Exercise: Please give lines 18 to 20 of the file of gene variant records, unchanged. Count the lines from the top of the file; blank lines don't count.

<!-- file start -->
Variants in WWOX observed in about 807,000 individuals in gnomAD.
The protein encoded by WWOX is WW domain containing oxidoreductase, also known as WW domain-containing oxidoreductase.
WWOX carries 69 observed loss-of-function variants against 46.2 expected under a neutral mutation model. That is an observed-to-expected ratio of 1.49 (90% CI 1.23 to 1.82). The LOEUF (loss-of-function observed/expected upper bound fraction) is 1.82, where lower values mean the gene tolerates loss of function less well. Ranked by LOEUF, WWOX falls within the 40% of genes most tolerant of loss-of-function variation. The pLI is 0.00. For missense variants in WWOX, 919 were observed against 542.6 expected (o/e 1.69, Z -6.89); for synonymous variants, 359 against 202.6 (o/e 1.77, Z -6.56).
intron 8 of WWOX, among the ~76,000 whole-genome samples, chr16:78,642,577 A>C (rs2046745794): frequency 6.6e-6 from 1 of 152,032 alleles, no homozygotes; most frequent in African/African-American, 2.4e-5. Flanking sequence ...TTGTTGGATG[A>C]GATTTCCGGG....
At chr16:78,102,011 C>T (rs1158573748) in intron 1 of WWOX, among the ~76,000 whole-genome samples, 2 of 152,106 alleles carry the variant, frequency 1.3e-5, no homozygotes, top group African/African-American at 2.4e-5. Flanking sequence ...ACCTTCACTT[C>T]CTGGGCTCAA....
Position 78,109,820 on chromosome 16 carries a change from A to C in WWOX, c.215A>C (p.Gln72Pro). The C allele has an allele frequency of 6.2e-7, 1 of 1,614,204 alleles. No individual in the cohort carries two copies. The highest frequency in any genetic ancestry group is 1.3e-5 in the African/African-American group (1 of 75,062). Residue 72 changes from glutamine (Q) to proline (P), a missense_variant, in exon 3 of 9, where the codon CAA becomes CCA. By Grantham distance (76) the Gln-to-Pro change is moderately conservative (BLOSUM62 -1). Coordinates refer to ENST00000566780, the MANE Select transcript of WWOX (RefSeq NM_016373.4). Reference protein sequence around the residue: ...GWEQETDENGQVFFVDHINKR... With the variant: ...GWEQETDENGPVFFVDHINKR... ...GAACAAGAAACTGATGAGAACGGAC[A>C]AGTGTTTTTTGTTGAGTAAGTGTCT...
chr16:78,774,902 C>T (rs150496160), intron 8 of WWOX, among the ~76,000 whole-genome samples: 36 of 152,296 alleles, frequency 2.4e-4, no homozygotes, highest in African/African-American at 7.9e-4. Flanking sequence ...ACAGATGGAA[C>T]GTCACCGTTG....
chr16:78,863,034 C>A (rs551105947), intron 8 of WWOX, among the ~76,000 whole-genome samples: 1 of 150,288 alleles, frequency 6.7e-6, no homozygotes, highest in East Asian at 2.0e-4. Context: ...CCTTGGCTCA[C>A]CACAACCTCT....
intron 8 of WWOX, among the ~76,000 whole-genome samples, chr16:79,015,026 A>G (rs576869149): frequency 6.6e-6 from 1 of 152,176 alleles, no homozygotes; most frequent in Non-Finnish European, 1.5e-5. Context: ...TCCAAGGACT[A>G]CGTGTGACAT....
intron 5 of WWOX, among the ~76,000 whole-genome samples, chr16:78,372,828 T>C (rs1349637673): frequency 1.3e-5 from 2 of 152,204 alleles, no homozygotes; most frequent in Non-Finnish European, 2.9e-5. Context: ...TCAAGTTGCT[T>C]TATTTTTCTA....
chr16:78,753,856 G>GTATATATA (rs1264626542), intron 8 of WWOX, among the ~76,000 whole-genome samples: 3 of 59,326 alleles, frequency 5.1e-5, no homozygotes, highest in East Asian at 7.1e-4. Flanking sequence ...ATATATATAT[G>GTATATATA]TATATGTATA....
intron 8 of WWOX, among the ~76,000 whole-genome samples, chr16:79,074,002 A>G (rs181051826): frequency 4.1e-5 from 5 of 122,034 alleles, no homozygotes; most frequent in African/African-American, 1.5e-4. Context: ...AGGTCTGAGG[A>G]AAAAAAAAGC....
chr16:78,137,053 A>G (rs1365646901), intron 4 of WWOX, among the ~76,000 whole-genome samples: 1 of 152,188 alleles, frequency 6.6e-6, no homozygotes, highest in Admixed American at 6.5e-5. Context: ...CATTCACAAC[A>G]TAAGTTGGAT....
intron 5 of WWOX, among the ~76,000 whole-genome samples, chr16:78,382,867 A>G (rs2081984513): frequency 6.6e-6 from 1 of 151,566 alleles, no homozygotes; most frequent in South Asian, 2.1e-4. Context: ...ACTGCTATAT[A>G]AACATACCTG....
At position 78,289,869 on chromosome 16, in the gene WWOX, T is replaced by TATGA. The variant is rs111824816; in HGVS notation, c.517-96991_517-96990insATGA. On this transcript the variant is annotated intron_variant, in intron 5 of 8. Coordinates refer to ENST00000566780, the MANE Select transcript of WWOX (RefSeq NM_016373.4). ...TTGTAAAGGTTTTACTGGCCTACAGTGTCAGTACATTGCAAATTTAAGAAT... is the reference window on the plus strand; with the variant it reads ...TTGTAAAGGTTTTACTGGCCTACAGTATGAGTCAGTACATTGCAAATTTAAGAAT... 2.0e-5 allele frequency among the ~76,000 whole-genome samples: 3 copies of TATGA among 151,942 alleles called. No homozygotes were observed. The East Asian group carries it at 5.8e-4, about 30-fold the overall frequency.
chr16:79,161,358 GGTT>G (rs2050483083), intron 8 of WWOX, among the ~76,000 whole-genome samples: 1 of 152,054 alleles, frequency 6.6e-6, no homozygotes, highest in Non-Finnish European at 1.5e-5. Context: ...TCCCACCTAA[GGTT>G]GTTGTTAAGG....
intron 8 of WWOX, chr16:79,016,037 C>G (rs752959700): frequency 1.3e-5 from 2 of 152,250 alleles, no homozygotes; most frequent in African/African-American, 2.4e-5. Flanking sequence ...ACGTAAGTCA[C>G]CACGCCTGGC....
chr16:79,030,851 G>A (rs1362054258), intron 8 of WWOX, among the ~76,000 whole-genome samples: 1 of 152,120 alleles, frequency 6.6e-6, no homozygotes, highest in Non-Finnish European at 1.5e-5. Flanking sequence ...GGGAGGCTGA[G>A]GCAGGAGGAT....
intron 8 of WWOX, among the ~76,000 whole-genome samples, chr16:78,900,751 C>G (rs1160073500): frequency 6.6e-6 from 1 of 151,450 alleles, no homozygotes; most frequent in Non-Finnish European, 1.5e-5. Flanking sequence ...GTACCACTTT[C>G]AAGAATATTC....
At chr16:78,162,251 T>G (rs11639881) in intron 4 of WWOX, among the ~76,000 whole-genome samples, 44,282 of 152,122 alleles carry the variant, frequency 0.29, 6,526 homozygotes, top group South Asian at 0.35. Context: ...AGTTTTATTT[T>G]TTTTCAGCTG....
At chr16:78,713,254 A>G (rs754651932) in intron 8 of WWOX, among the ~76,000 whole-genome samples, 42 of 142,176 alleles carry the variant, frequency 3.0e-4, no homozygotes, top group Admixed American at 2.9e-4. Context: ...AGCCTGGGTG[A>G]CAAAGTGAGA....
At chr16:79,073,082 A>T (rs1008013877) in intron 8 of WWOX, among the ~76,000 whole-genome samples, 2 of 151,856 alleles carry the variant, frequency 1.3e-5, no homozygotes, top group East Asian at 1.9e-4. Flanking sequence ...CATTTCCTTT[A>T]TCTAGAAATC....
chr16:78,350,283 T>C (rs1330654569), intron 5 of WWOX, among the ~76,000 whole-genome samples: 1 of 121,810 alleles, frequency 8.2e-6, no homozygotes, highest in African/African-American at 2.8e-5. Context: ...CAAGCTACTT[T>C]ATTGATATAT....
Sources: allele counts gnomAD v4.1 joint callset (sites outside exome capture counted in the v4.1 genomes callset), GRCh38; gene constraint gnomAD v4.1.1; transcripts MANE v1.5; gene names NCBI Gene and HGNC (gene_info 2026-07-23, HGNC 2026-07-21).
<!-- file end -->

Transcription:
chr16:79,030,851 G>A (rs1362054258), intron 8 of WWOX, among the ~76,000 whole-genome samples: 1 of 152,120 alleles, frequency 6.6e-6, no homozygotes, highest in Non-Finnish European at 1.5e-5. Flanking sequence ...GGGAGGCTGA[G>A]GCAGGAGGAT....
intron 8 of WWOX, among the ~76,000 whole-genome samples, chr16:78,900,751 C>G (rs1160073500): frequency 6.6e-6 from 1 of 151,450 alleles, no homozygotes; most frequent in Non-Finnish European, 1.5e-5. Flanking sequence ...GTACCACTTT[C>G]AAGAATATTC....
At chr16:78,162,251 T>G (rs11639881) in intron 4 of WWOX, among the ~76,000 whole-genome samples, 44,282 of 152,122 alleles carry the variant, frequency 0.29, 6,526 homozygotes, top group South Asian at 0.35. Context: ...AGTTTTATTT[T>G]TTTTCAGCTG....